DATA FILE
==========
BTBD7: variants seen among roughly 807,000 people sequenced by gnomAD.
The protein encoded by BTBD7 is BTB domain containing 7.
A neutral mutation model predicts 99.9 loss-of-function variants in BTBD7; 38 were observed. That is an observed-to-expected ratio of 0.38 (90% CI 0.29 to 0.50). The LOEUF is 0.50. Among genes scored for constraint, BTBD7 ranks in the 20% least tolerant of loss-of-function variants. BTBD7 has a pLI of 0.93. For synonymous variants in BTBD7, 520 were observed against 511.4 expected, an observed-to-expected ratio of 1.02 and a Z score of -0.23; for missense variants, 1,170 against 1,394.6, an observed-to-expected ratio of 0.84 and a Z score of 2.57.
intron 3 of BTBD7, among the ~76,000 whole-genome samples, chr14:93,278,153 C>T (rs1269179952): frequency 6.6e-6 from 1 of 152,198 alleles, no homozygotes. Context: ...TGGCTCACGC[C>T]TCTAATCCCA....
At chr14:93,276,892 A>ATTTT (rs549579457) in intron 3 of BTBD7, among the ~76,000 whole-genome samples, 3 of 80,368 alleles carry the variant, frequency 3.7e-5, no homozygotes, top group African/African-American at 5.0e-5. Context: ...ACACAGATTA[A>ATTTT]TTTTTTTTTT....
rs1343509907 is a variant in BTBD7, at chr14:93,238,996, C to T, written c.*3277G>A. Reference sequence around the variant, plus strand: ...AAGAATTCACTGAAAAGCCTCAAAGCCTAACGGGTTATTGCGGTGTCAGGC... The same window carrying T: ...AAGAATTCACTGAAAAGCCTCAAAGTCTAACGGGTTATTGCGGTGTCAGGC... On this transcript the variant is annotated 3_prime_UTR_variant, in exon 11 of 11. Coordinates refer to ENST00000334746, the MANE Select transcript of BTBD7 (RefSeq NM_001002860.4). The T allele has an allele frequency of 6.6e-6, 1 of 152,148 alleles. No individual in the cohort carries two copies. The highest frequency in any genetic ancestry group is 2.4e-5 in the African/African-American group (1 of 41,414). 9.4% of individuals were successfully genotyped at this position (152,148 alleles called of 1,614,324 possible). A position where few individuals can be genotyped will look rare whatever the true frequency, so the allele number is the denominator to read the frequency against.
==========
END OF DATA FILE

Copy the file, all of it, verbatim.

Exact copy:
BTBD7: variants seen among roughly 807,000 people sequenced by gnomAD.
The protein encoded by BTBD7 is BTB domain containing 7.
A neutral mutation model predicts 99.9 loss-of-function variants in BTBD7; 38 were observed. That is an observed-to-expected ratio of 0.38 (90% CI 0.29 to 0.50). The LOEUF is 0.50. Among genes scored for constraint, BTBD7 ranks in the 20% least tolerant of loss-of-function variants. BTBD7 has a pLI of 0.93. For synonymous variants in BTBD7, 520 were observed against 511.4 expected, an observed-to-expected ratio of 1.02 and a Z score of -0.23; for missense variants, 1,170 against 1,394.6, an observed-to-expected ratio of 0.84 and a Z score of 2.57.
intron 3 of BTBD7, among the ~76,000 whole-genome samples, chr14:93,278,153 C>T (rs1269179952): frequency 6.6e-6 from 1 of 152,198 alleles, no homozygotes. Context: ...TGGCTCACGC[C>T]TCTAATCCCA....
At chr14:93,276,892 A>ATTTT (rs549579457) in intron 3 of BTBD7, among the ~76,000 whole-genome samples, 3 of 80,368 alleles carry the variant, frequency 3.7e-5, no homozygotes, top group African/African-American at 5.0e-5. Context: ...ACACAGATTA[A>ATTTT]TTTTTTTTTT....
rs1343509907 is a variant in BTBD7, at chr14:93,238,996, C to T, written c.*3277G>A. Reference sequence around the variant, plus strand: ...AAGAATTCACTGAAAAGCCTCAAAGCCTAACGGGTTATTGCGGTGTCAGGC... The same window carrying T: ...AAGAATTCACTGAAAAGCCTCAAAGTCTAACGGGTTATTGCGGTGTCAGGC... On this transcript the variant is annotated 3_prime_UTR_variant, in exon 11 of 11. Coordinates refer to ENST00000334746, the MANE Select transcript of BTBD7 (RefSeq NM_001002860.4). The T allele has an allele frequency of 6.6e-6, 1 of 152,148 alleles. No individual in the cohort carries two copies. The highest frequency in any genetic ancestry group is 2.4e-5 in the African/African-American group (1 of 41,414). 9.4% of individuals were successfully genotyped at this position (152,148 alleles called of 1,614,324 possible). A position where few individuals can be genotyped will look rare whatever the true frequency, so the allele number is the denominator to read the frequency against.